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Blog: Comics, Books, And Literary Science Fiction
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THUS I have dedicated some SPECIAL TIME to doing these things, and I must say that they are indeed a LOT of fun. I've especially enjoyed reading some comics again, and have been popping into Gosh every few weeks to buy Trade Paperbacks of various things I've been meaning to catch up on (e.g. I'm on about three quarters of the way through "Descender"/"Ascender" at the moment and it is jolly good) and also buying ACTUAL NEW ISSUES of "Miracleman" as they come out. It's ACE!
There have been similar THRILLS in the world of BOOKS, not least a couple of weeks ago when I finally finished off all of the books on my KINDLE. As I'm sure most people who have one of these devices will know, it is VERY tempting to buy loads of books you like the look of and then never get around to actually reading them, so with my new free time I decided to read THE LOT before buying ANYTHING new. This didn't quite work out as planned - it turns out that buying PHYSICAL books doesn't count, according to my BRANE - but I did get through them all eventually, and was delighted to discover that most (though not all) of the books I liked the look of were dead good!
Having done that the next logical step was, of course, to BUY LOADS MORE, and so that is exactly what I did. For the past few years I've always tried to read some of the books on the Arthur C Clarke Award shortlist, as it is a GRATE list of science fiction books which I wouldn't necessarily have known about otherwise. There have been some RIGHT crackers on this list in the past, and so far this year is much the same. For instance, last week I read Klara And The Sun by Kazuo Ishiguro, which was FAB. It is very much a Literary Science Fiction book i.e. one written by a Posh People's Author (who doesn't usually DO this sort of thing) which is pretty much the same as their other books except they have a ROBOT or something in them. USUALLY this is a bit annoying and tedious, notably with Ian McEwan's "Machine Like Me" which was ALL RIGHT but was clearly someobdoy who had never really read any science fiction going "AHA! But what if we used science fiction as... A METAPHOR! Nobody has every thought of this before!" ANYWAY, THIS book was not at ALL like that. Well, all right, it did have a robot in it, and it was a lot like Kazuo Ishiguro's other books, but luckily Kazuo Ishiguro's other books are GRATE. It's all told from the point of view of the aforesaid ROBOT, and part of the fun is working out what they're on about as they describe a near-future world in their own terms, but it's also VERY emotional and beautifully told. He has FORM for this, OBVS, with Never Let Me Go, which was ALSO proper sci-fi and ALSO bloody brilliant.
After that HIGH I moved on with some trepidation to Wergen: The Alien Love War. I say trepidation because a) the title is not hugely inviting and b) the cover is... well, have a look for yourself and you'll see. HOWEVER, the summary sounded interesting and GOODNESS GRACIOUS ME the book itself is so far INCREDIBLE. It's beautifully written, rivettingly plotted, and most of all it features A WHOLE NEW IDEA (to me at least). The key THORT of it is this: human beings are colonising the galaxy alongside a bunch of aliens called The Wergen, who are a) genetically, unavoidably, TOTALLY IN LOVE with ALL human beings and b) a bit annoying. It's an amazing idea which Mercurio D. Rivera (who what wrote it) goes ALL IN on, which leads to a huge range of STORIES and IDEAS.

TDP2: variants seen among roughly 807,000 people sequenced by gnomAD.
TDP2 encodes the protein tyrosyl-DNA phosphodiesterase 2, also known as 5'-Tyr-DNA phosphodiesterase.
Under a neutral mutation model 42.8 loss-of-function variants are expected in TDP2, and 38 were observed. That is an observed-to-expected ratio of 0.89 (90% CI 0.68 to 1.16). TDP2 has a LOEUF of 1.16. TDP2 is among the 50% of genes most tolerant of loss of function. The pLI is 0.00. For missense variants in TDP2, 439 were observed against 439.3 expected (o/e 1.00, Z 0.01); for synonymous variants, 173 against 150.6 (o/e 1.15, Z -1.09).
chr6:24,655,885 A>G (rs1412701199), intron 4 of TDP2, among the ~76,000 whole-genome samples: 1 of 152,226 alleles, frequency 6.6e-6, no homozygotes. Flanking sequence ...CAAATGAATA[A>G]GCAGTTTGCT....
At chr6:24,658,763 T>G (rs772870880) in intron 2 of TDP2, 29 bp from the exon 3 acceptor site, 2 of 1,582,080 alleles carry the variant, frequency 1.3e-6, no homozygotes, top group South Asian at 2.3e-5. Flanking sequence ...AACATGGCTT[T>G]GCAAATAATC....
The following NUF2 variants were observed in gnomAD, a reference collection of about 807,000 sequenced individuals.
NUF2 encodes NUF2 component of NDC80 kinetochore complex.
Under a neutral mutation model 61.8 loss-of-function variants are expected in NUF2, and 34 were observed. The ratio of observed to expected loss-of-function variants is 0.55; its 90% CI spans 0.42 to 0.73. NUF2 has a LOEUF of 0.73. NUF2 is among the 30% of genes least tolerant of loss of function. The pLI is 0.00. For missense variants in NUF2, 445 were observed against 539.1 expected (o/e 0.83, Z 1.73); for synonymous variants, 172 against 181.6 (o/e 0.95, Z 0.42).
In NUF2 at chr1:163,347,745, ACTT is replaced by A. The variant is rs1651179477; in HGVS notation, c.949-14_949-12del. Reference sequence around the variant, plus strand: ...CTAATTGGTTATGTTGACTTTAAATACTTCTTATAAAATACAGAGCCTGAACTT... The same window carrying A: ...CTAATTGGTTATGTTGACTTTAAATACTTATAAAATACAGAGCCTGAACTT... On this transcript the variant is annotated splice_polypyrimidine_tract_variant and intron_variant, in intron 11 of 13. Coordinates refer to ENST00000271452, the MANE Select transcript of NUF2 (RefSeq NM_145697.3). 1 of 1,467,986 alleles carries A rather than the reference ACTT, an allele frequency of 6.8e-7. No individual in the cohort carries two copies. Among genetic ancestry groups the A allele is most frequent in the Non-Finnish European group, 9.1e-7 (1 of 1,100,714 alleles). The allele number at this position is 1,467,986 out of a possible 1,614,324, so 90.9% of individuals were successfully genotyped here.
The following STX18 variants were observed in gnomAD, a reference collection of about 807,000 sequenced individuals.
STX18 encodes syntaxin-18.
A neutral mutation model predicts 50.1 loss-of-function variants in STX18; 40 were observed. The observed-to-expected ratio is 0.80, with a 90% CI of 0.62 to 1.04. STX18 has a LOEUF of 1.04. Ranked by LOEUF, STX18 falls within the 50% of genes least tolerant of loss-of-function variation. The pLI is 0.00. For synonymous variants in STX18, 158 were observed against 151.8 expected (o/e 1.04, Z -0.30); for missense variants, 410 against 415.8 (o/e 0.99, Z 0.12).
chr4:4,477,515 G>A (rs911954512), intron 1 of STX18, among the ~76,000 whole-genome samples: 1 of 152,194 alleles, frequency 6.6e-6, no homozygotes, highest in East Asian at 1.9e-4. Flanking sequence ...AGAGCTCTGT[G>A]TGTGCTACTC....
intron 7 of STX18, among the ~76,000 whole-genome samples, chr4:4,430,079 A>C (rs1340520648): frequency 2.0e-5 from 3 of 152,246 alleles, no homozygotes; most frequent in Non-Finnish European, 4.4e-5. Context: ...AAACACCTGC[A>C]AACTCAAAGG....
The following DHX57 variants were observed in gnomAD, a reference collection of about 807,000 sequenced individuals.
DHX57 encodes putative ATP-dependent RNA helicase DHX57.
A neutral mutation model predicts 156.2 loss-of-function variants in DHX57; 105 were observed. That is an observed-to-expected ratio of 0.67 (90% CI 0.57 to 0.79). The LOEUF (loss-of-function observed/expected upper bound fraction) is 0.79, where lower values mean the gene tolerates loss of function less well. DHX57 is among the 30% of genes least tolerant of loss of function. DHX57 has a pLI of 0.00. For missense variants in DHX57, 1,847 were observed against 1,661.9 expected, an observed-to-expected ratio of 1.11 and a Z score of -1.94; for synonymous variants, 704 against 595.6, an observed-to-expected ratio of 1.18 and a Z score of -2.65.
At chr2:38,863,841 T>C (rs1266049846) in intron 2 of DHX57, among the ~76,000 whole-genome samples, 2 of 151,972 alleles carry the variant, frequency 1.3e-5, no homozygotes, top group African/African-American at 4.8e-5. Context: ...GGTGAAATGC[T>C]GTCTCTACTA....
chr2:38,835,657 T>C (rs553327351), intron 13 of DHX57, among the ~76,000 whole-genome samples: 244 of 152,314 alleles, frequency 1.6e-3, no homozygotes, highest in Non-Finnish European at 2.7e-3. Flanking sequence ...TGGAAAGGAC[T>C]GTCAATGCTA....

There's also a whole WORLD of other stuff that comes out of it, notably with the way The Wergen MATE, and all in all it's RUDDY AMAZING. I haven't enjoyed a book this much for AGES, and I have enjoyed a LOT of books, a LOT. As I say, I'm only halfway through but hopefully it will continue in this way. I guess it proves that, insofar as the contents go, you should not judge a book by it's cover.
Hmmm. Has anybody ever said that before? Maybe I should write a Literary Science Fiction Novel about it!
posted 8/12/2022 by MJ Hibbett
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after my PhD I resolved to refamiliarize myself with the world by taking out a year's subscription to The Economist, and to New Scientist. And I read, assiduously. After a year, I'd tired of being mansplained to by a fiftysomething about why These Things were the way they were, despite those things changing from how they were previously explained to be, and I'd tired of being lied to by a thirtysomething about How This Thing Will Change Everything, despite that thing being hyped in previous issues a decade ago that the thirtysomething hadn't read, having done nothing in the intervening time. Plus ca change, etc.
posted 9/12/2022 by disenchante
" a tantalising moment that will remind older readers of the bittersweet feeling of buying a home computer in the 1980s, when the excitement of getting the purchase home was tempered by the realisation that it would take two days to partition the hard drive" -- Grauniad McEwan reviewer and Oxbridge grad Marcel Theroux knows nothing about computers, and goes on to compare the work to that of the other well-known science fiction novelist, Rudyard Kipling.
posted 9/12/2022 by Roland Spectrum
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